• Support and PD for teachers is ESSENTIAL… empower, articulate the why and how focused on improving learning, build capacity, use data and share it transparently… and, acknowledge the potential roadblocks.
  • Digital leaders model the vision… once you use the technology you can become an advocate for it.
  • Communication, Communication, Communication… connected to Branding, Strategic Partnerships and Public Relations (he hits Branding/PR and Strategic Partnership building very well and often!)
  • The “Pillars of Digital Leadership”: Communication; PR; Branding; Professional growth and development; Student Engagement/Learning; Opportunity; and, Learning Environment and Spaces are all aligned to the ISTE NETS-A AND the Breaking Ranks Framework.

Here’s a couple more of my favorite quotes from the book:

“Technology can engage, connect, empower, and enhance teaching, how educators learn, the work done by schools, and stakeholder relations”  p.45

…”Leaders become the epicenter of their learning and determine what, where,  and  when they want to learn… Connectedness and control of learning provides leaders with the ability to determine their own path and to differentiate to meet their diverse learning needs”. p.122

Here’s some of the many references he makes:

What I didn’t like so much: Not really addressing the issue of the growing divide between the ‘haves’ and the ‘have nots’. Basically, Sheninger said to not let that be an excuse to not take the steps to transform. I would agree with that but I would also like to see creative suggestions on how to deal with making the divide less pronounced. That said, within each school’s individual context there are ways to balance resources in a fair (but not equal) way that must be done with sensitivity and confidentiality. Sheninger gave the example of a laptop cart with less than a full class set of laptops that is used to supplement for those who don’t have a laptop.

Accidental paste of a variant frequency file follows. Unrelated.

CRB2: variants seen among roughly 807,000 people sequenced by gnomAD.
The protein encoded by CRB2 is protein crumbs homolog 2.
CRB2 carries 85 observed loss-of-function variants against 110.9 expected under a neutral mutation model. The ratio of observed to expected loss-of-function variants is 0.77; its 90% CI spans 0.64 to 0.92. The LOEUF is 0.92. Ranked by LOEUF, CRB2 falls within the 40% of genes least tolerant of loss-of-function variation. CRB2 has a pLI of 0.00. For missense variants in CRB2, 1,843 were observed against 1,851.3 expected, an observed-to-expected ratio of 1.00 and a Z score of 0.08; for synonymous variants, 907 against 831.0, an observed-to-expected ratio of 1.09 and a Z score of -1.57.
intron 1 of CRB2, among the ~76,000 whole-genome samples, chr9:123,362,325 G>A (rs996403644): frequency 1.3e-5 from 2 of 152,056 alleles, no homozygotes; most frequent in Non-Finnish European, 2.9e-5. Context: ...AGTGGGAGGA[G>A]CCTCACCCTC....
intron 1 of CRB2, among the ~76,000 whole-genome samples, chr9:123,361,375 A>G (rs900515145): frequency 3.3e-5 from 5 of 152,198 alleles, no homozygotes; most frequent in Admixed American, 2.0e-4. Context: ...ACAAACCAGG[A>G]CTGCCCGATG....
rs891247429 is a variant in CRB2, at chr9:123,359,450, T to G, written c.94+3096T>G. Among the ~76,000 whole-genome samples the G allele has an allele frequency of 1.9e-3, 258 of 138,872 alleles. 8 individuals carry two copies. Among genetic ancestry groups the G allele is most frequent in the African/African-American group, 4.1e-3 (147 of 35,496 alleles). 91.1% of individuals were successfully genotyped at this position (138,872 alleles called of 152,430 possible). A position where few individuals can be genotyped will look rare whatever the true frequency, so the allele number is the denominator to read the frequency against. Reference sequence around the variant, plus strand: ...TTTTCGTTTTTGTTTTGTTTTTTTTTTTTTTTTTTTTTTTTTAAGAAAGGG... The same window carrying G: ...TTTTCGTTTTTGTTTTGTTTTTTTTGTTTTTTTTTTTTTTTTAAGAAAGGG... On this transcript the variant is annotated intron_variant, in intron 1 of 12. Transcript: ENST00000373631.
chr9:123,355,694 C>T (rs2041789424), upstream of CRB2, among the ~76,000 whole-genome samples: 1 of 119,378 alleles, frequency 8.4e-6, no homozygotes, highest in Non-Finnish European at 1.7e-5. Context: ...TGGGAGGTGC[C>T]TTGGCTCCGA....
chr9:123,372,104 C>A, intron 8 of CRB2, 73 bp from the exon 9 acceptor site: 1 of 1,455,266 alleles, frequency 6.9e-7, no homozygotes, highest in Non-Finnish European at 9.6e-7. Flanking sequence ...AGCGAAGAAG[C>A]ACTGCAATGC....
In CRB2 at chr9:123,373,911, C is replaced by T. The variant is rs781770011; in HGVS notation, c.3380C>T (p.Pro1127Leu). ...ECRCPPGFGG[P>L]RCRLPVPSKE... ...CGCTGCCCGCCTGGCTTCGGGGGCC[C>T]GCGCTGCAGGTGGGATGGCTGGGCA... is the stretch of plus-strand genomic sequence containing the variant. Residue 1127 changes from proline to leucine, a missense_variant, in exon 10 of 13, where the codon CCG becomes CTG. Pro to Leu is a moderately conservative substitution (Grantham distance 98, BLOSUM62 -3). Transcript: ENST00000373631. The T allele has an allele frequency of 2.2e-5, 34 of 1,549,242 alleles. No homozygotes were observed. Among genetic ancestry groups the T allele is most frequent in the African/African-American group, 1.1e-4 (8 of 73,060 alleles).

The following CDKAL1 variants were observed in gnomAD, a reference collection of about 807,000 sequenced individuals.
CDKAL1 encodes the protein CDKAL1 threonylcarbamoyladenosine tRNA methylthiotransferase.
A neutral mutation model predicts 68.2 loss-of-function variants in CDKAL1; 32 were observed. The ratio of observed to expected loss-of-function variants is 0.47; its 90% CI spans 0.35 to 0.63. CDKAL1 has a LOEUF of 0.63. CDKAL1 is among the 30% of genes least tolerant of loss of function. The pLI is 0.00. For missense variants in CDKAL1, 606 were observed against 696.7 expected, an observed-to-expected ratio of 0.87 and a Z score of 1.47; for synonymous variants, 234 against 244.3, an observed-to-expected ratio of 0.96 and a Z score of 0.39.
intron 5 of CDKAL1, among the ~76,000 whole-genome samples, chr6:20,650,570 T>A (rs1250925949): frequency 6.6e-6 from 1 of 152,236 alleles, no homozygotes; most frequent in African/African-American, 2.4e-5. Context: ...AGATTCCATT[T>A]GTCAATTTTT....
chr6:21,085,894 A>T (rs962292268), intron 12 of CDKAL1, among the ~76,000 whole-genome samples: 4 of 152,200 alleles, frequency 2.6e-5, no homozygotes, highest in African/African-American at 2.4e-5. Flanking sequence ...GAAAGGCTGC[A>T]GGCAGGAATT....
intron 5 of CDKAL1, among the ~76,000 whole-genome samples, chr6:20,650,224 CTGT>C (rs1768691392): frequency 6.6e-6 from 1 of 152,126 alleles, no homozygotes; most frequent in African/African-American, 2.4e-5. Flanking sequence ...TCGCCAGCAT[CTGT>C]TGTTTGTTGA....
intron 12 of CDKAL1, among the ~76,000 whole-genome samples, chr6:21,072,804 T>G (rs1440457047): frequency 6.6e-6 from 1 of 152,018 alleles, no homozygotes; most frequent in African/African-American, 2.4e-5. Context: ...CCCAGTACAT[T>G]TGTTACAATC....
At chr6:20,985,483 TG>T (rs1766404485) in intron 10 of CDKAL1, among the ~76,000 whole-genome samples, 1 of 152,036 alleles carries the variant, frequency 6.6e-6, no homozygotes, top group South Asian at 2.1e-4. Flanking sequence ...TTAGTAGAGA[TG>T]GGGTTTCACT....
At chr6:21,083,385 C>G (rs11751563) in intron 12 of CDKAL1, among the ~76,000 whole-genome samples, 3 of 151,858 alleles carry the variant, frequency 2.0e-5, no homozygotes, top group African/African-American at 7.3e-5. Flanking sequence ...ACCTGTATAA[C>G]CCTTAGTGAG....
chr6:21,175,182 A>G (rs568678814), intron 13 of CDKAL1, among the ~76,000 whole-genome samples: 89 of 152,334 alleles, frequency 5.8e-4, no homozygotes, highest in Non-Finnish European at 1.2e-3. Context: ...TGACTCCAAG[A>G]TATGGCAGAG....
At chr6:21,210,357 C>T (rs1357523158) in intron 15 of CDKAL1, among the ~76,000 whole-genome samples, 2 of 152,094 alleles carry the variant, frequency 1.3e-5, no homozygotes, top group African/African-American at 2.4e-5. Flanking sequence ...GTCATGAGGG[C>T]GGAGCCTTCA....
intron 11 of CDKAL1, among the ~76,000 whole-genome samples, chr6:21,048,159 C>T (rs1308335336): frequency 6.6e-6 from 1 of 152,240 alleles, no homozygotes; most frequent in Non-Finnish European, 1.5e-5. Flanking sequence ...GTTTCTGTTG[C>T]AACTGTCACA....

Basically, there’s  a lot to like, a lot to reflect on and a lot to walk away with and immediately put to use.

REPOST – What “School Reformers” — And All Of Us — Can Learn From Pope Francis About Creating Change

What “School Reformers” — And All Of Us — Can Learn From Pope Francis About Creating Change.

I actually first saw this article in the Washington Post blog by Valerie Strauss (unfortunately, the Post doesn’t have a WordPress share button but Larry Ferlazzo’s blog does!).  As I browsed Ferlazzo’s blog I came across another post that resonated with me, “Important Advice For Anyone Who Wants To Be Effective At Making Change“…

The fact is, leaders who listen make a huge impact. Along with that, humility goes a long way. Pope Francis has certainly been a good model of those characteristics (“Who am I to judge?“). Being a good listener and a humble person are signs that you are truly open to other perspectives. However, beyond that a leader must have the acumen and powers of observation to be able to know who is who, what is what and be able to read the climate of the place they are in to best decide which leadership tools will be most effective as they create change. Some techniques are effective in many places but will not work all the time for all situations.